Teacher Secrets — Engagement


Good teachers engage their students in learning. And the teachers are not above using gimmicks to accomplish the task!

Dave showed up at Georgia Southern University’s Christmas tree lighting activities wearing his Santa hat, not the entire suit.  But given his authentic white beard and his natural love for little ones, children wandered over to chat with Jolly Old St. Nick.This little blond expressed such seriousness as she approached, that Dave crouched down to be on her level, a good teacher secret all by itself! The fact that another child seemed to already be forming a waiting line did not deter this girl. She wanted to talk and study this Santa character.

It didn’t take long for Austyn Grace and Taylor Faith to come alongside and stake their claims on their “Santa Grandpa.” Although our granddaughters had no idea who this little outsider was,  they took an immediate interest in what grandpa was saying to her.

In a few seconds, AG and TF tuned into the conversation and listened too.

While I never used a Santa outfit, I did try to engage my students in a project to improve their oral grammar. Every Monday morning for a nine-week quarter, I awarded each student 10 extra credit points. Then, clip board in hand, I subtracted a point for every grammatical error I heard them make during the week. (And, no, I did not allow anyone to drop into the negative point category!).  A student did NOT lose the point if a fellow student supplied the  correct word before I made the oral correction. Thus, if Gracie Grammar said, “Me and the girls want to…” and a classmate jumped in and corrected with, “No, she means ‘the girls and I,'” Gracie did not lose a point.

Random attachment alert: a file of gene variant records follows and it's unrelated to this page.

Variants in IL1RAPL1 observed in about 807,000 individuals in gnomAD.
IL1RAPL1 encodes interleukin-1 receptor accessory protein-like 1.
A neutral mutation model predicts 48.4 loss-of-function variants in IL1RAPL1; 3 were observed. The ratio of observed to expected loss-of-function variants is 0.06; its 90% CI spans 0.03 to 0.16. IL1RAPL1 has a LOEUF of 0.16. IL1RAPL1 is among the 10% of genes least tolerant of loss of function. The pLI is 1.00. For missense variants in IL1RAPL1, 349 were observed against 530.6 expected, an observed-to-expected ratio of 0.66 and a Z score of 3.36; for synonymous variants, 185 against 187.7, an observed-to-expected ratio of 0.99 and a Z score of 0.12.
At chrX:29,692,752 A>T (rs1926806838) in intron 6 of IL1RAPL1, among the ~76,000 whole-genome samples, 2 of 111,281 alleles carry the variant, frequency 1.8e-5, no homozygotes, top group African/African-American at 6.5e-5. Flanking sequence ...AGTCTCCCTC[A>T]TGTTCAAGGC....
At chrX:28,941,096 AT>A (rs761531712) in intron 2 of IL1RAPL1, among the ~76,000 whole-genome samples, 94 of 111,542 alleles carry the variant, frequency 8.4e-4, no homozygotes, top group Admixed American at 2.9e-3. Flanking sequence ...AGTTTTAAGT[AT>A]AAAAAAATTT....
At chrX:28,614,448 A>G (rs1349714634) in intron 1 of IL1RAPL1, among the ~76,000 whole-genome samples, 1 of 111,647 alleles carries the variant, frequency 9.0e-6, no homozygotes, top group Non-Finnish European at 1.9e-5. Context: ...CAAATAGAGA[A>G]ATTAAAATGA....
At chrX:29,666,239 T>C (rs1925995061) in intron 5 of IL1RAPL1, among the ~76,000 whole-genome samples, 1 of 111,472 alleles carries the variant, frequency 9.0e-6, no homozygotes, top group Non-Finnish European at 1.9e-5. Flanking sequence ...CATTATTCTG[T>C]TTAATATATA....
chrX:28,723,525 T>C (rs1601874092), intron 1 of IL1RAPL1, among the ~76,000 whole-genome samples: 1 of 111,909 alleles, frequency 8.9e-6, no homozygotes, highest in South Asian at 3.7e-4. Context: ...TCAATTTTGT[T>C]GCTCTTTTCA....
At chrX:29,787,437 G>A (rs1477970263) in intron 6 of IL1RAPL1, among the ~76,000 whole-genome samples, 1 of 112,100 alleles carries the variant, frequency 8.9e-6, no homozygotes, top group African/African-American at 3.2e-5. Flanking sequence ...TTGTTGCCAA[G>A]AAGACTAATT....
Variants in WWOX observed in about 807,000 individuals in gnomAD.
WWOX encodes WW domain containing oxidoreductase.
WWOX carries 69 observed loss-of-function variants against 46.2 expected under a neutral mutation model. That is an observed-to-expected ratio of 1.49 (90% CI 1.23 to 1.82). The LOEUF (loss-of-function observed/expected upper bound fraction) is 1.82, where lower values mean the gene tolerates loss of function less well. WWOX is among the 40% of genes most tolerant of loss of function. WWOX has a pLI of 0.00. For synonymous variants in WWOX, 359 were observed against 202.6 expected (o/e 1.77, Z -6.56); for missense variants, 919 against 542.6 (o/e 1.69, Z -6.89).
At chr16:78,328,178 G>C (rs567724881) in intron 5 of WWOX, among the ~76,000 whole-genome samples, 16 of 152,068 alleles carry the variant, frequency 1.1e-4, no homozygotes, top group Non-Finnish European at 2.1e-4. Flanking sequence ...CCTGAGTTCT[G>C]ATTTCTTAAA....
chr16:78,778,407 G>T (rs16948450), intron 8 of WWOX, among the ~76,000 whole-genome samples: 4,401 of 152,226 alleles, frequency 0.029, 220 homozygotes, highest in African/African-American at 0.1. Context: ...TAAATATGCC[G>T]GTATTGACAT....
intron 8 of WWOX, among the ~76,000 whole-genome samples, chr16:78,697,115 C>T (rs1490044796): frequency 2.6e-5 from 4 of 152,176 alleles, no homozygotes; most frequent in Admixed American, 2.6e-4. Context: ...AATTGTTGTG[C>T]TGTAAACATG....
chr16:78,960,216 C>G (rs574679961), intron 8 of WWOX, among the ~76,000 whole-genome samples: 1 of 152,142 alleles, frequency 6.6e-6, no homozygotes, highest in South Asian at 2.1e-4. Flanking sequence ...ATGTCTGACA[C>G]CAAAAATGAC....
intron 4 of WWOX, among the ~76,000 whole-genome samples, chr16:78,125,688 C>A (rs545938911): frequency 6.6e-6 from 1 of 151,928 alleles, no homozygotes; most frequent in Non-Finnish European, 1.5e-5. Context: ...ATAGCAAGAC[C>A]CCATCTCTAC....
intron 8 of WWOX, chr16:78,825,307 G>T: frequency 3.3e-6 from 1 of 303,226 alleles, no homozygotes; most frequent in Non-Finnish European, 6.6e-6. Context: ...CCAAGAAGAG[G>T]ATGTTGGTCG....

Initially, I made many corrections of what had simply become sloppy habits. “Oh, right, I know that,” echoed through the halls, heard from those who had just forfeited a point to my weekly point system. Before long, I could hesitate just a brief moment, and someone would rush to the aid of another student; they took over correcting one another. It also didn’t take long for students to recognize errors made by their parents, and high school students love to “help” their folks! Long after his daughter took my class, her Dad and I had a standard exchange at school sporting events.

Flo: “Hi, Stan. How are you doing?”

Stan: (pause) “I’m doing (pause, pause) just fine.” He wasn’t about to decide between good and well!

Today former students often write or tell me about correcting their kids’ grammar. And hearing such reports makes this former teacher smile.

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